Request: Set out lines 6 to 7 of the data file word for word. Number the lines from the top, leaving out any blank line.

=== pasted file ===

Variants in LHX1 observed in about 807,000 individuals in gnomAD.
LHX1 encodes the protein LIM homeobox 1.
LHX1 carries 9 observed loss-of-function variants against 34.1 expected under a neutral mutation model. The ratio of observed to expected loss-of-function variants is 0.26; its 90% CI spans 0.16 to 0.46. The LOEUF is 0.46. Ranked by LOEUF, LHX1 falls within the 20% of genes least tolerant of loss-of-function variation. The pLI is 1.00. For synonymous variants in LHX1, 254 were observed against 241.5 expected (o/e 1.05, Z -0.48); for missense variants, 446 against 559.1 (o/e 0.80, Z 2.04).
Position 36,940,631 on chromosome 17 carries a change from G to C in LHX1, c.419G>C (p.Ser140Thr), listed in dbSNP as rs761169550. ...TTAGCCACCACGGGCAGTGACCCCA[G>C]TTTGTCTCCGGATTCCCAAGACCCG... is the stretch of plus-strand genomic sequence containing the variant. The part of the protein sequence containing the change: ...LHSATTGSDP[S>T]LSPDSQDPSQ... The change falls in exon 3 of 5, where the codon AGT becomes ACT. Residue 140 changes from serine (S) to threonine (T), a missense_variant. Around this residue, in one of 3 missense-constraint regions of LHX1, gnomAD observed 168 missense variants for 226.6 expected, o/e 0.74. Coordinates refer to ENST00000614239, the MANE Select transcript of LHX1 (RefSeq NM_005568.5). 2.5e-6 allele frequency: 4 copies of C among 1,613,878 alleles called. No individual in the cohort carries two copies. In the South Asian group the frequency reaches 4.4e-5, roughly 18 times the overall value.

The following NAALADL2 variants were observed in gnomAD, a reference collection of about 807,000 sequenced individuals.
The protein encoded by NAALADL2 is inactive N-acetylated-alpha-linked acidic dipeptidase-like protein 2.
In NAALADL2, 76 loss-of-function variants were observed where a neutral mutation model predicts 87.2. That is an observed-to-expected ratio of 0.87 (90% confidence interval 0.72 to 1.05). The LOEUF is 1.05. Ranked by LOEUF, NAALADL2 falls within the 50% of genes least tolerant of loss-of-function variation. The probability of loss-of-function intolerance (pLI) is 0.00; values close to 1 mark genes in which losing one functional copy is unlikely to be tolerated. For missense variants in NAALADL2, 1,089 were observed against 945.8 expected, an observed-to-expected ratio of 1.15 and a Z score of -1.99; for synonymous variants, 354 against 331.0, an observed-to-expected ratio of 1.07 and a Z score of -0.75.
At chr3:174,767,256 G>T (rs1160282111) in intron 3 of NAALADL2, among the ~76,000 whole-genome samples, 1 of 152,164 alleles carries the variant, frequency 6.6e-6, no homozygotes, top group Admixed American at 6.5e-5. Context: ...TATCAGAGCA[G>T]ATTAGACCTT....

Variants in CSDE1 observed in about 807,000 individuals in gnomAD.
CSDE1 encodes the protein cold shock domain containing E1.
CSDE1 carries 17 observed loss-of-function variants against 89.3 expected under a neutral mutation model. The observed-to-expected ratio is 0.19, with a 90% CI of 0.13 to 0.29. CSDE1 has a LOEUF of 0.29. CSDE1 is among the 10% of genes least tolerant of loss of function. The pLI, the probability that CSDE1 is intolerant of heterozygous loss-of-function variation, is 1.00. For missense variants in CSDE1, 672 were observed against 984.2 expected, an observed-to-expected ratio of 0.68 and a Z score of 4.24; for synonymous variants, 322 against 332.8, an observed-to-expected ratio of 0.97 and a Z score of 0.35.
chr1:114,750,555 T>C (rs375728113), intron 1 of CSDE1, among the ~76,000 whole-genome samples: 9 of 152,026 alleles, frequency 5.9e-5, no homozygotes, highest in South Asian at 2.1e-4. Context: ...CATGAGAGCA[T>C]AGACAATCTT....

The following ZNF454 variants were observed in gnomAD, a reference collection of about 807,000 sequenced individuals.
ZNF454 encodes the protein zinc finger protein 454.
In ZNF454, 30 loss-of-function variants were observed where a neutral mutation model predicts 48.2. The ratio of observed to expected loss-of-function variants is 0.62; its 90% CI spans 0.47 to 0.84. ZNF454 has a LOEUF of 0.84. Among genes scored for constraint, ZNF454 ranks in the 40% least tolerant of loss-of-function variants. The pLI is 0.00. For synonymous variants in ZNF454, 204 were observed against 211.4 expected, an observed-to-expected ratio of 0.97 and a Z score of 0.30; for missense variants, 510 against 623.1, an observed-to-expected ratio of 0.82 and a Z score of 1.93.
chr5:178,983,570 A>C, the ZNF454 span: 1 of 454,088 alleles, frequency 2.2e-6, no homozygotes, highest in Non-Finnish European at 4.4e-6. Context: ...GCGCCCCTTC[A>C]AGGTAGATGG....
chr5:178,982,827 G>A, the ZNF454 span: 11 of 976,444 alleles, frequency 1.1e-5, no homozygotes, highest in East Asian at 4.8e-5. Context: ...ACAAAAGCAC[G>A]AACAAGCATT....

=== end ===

The protein encoded by NAALADL2 is inactive N-acetylated-alpha-linked acidic dipeptidase-like protein 2.
In NAALADL2, 76 loss-of-function variants were observed where a neutral mutation model predicts 87.2. That is an observed-to-expected ratio of 0.87 (90% confidence interval 0.72 to 1.05). The LOEUF is 1.05. Ranked by LOEUF, NAALADL2 falls within the 50% of genes least tolerant of loss-of-function variation. The probability of loss-of-function intolerance (pLI) is 0.00; values close to 1 mark genes in which losing one functional copy is unlikely to be tolerated. For missense variants in NAALADL2, 1,089 were observed against 945.8 expected, an observed-to-expected ratio of 1.15 and a Z score of -1.99; for synonymous variants, 354 against 331.0, an observed-to-expected ratio of 1.07 and a Z score of -0.75.